Tag Archives: gardening

Winter’s Offerings

I read a quote in “Mother Earth News” tonight, and not an hour later it proved true—applicability is a trait this magazine does well in my life.

“In every walk with nature one receives far more than he seeks” -John Muir

Tonight I was given the dreaded donkey-feeding task. Whenever my parents dole out this particular responsibility, eyes will inevitably roll. So I rolled mine, a necessary start to the job, put a coat on, and walked to the barn. Our jack, Merlin, has the personality of an over-sized, persnickety dog, and of course, he just wouldn’t be pushed out of the barn without a treat first, the treat being an animal cracker—a cruel, but funny donkey dessert.

When I was finished, the night felt so refreshing that my legs carried me not back to the house, but away. Two of our dogs followed, always eager for an adventure, and I felt my tail was wagging with theirs. Enthusiasm is contagious—even when the source runs on four legs. We ended up walking through the garden, which appears deceivingly barren in winter, and I couldn’t help but imagine the life under my feet. Although it was completely quiet outside, I could sense its energy-not rushed, as life often feels, but slow and steady as a  pulse. And it is a pulse isn’t it? Without the dedicated earthworms, the microbes, the rhizomes and the roots, dirt would be dead. But instead it’s a flurry of never ending activity that almost beats like a pulse, preparing the soil for the energy-sucking plants it’ll have to sustain come spring. The constancy of it calmed me and I felt, not energized, but peaceful, when I crossed the threshold of the door, back into the hustle and bustle of my family’s life inside.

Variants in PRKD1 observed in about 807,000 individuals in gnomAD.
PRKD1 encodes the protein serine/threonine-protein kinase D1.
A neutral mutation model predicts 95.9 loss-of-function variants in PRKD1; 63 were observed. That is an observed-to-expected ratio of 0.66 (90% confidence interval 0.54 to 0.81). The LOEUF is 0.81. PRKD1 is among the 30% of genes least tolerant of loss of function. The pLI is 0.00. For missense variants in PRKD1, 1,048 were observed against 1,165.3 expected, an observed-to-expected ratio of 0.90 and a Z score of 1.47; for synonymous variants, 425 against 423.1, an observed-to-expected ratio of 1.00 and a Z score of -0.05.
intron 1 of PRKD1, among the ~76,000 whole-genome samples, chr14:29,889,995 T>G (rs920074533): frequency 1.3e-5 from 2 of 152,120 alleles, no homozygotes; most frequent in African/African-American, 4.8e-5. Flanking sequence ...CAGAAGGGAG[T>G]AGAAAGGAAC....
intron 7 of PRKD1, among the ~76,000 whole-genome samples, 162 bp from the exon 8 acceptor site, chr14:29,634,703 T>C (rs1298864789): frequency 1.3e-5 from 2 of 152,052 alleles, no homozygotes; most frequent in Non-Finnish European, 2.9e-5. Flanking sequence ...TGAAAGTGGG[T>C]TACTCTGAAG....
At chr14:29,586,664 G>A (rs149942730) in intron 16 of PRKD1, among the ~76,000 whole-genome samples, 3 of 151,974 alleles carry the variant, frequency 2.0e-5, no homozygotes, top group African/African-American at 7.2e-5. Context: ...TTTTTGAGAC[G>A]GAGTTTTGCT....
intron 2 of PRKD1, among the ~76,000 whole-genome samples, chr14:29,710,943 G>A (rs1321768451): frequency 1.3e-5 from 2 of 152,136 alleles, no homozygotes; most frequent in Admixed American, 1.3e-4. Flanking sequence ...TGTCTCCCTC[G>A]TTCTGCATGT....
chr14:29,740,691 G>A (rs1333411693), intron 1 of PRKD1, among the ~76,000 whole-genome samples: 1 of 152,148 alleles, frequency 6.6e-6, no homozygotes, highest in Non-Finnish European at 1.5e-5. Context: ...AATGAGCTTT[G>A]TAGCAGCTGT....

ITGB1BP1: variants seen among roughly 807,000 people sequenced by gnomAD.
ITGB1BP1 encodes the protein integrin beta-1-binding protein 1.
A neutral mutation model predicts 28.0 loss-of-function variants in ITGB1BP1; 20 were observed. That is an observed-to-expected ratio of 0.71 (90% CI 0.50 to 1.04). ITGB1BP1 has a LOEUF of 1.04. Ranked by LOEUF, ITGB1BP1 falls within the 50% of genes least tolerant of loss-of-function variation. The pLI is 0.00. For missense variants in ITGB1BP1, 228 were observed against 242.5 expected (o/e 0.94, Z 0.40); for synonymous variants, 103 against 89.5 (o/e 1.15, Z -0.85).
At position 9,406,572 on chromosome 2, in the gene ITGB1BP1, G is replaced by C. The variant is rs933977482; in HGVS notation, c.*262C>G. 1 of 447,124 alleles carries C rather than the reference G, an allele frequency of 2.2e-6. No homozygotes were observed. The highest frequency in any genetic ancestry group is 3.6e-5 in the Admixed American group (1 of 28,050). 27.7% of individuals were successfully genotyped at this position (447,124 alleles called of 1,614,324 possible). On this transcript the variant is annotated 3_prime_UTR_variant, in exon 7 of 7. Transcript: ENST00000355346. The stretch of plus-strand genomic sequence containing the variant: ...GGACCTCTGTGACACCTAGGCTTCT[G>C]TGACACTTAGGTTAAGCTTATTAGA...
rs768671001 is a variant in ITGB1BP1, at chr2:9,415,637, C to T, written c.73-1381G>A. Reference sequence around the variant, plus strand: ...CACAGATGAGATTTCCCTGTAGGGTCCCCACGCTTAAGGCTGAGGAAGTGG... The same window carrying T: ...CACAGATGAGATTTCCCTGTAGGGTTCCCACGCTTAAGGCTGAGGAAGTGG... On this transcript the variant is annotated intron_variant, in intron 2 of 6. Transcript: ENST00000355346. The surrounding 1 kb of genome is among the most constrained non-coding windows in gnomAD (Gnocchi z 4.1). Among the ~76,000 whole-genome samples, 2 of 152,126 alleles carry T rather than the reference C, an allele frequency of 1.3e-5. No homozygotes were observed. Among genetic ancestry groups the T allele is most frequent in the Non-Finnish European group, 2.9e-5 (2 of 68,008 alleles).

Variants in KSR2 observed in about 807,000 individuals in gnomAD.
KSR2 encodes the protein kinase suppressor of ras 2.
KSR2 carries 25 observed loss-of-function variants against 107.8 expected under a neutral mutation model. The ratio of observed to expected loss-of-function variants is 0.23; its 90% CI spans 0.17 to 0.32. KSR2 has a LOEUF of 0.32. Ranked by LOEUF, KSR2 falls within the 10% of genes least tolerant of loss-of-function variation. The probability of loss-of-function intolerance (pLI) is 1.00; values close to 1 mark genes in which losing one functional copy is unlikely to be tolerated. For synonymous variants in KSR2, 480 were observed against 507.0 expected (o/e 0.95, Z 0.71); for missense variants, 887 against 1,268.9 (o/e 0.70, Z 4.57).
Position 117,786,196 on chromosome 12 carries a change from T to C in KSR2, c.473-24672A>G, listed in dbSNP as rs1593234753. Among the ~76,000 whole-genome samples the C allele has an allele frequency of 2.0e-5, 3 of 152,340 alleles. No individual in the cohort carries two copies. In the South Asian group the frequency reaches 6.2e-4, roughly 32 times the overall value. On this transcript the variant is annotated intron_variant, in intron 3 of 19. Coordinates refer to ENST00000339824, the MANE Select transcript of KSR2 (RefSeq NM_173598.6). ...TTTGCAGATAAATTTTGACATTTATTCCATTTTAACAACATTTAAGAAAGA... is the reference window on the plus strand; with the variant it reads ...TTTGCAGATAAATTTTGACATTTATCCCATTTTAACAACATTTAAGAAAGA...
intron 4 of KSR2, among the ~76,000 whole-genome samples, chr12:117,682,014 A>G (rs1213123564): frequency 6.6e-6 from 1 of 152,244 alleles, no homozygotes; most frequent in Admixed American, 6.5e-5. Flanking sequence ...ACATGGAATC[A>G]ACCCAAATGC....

John Muir was right. Nature always provides more than we ask of it, and tonight I felt it was the exact prescription for inner quiet.

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One Week, Vegan: A Summary

*Viewer discretion is advised*

Tonight our tacos were served up Sweeney Todd style. Do you see my poor little finger?? All in the name of veganism…I’m just thankful the pepper I was chopping wasn’t spicy, and the fact that my finger is numb is more a blessing than a worry.

Also noteworthy: Saying goodbye to my beautiful Musquee de Provence pumpkins. They were the only ones that survived the demon squash bugs this past summer, but they finally succumbed to old age. I’m sad we didn’t get our new oven in time to roast them.

I just threw this picture of Molly and Woody in because it’s adorable. It does make for some good motivation though. One week into this program and I haven’t touched a single animal product. When you’re constantly surrounded by pets who do things like this, how can you feel bad about that decision?

Last night I watched “Life in a Day,” a documentary made by National Geographic. It’s a compilation of images and clips filmed by people all over the world on a single day. For one clip, they show a cow being slaughtered. It was so unexpected I didn’t even have time to look away. I think that’s something everyone should see before digging into their next hamburger.

When there’s such an enforced blindness about slaughter, the connection between life and the death served on your plate seems nearly invisible-as it is, for most. But the real truth is that every cow, pig and chicken that’s killed for our food doesn’t want to die. No living thing does. It’s a hard concept to grasp when as consumers, all we see is the plastic wrapped product for the taking. Although I began this program for health reasons, I’m understanding it’s importance for others.